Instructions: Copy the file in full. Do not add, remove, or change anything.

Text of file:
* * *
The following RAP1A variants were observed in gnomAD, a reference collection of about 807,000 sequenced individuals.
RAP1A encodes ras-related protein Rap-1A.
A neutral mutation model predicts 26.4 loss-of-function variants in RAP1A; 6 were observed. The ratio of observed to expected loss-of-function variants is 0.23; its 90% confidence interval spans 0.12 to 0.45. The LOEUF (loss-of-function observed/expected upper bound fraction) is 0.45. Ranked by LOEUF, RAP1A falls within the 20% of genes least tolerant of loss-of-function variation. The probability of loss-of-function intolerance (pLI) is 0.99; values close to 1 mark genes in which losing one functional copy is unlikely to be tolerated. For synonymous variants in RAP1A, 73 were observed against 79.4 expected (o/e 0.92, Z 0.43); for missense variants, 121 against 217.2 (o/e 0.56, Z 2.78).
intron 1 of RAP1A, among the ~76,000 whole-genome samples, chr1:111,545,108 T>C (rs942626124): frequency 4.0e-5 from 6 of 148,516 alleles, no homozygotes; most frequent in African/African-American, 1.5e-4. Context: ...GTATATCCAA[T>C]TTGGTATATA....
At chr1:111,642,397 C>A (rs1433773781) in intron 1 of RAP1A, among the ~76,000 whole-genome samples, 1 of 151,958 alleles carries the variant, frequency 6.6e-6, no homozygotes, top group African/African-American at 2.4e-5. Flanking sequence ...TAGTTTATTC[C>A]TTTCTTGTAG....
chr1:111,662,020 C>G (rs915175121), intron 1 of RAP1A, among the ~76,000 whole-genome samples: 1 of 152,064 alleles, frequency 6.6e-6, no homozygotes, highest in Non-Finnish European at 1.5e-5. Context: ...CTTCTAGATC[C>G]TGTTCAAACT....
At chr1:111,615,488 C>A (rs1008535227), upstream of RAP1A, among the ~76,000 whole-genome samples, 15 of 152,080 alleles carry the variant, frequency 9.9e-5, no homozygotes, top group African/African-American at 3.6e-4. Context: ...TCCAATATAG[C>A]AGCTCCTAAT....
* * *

The following RAP1A variants were observed in gnomAD, a reference collection of about 807,000 sequenced individuals.
RAP1A encodes ras-related protein Rap-1A.
A neutral mutation model predicts 26.4 loss-of-function variants in RAP1A; 6 were observed. The ratio of observed to expected loss-of-function variants is 0.23; its 90% confidence interval spans 0.12 to 0.45. The LOEUF (loss-of-function observed/expected upper bound fraction) is 0.45. Ranked by LOEUF, RAP1A falls within the 20% of genes least tolerant of loss-of-function variation. The probability of loss-of-function intolerance (pLI) is 0.99; values close to 1 mark genes in which losing one functional copy is unlikely to be tolerated. For synonymous variants in RAP1A, 73 were observed against 79.4 expected (o/e 0.92, Z 0.43); for missense variants, 121 against 217.2 (o/e 0.56, Z 2.78).
intron 1 of RAP1A, among the ~76,000 whole-genome samples, chr1:111,545,108 T>C (rs942626124): frequency 4.0e-5 from 6 of 148,516 alleles, no homozygotes; most frequent in African/African-American, 1.5e-4. Context: ...GTATATCCAA[T>C]TTGGTATATA....
At chr1:111,642,397 C>A (rs1433773781) in intron 1 of RAP1A, among the ~76,000 whole-genome samples, 1 of 151,958 alleles carries the variant, frequency 6.6e-6, no homozygotes, top group African/African-American at 2.4e-5. Flanking sequence ...TAGTTTATTC[C>A]TTTCTTGTAG....
chr1:111,662,020 C>G (rs915175121), intron 1 of RAP1A, among the ~76,000 whole-genome samples: 1 of 152,064 alleles, frequency 6.6e-6, no homozygotes, highest in Non-Finnish European at 1.5e-5. Context: ...CTTCTAGATC[C>G]TGTTCAAACT....
At chr1:111,615,488 C>A (rs1008535227), upstream of RAP1A, among the ~76,000 whole-genome samples, 15 of 152,080 alleles carry the variant, frequency 9.9e-5, no homozygotes, top group African/African-American at 3.6e-4. Context: ...TCCAATATAG[C>A]AGCTCCTAAT....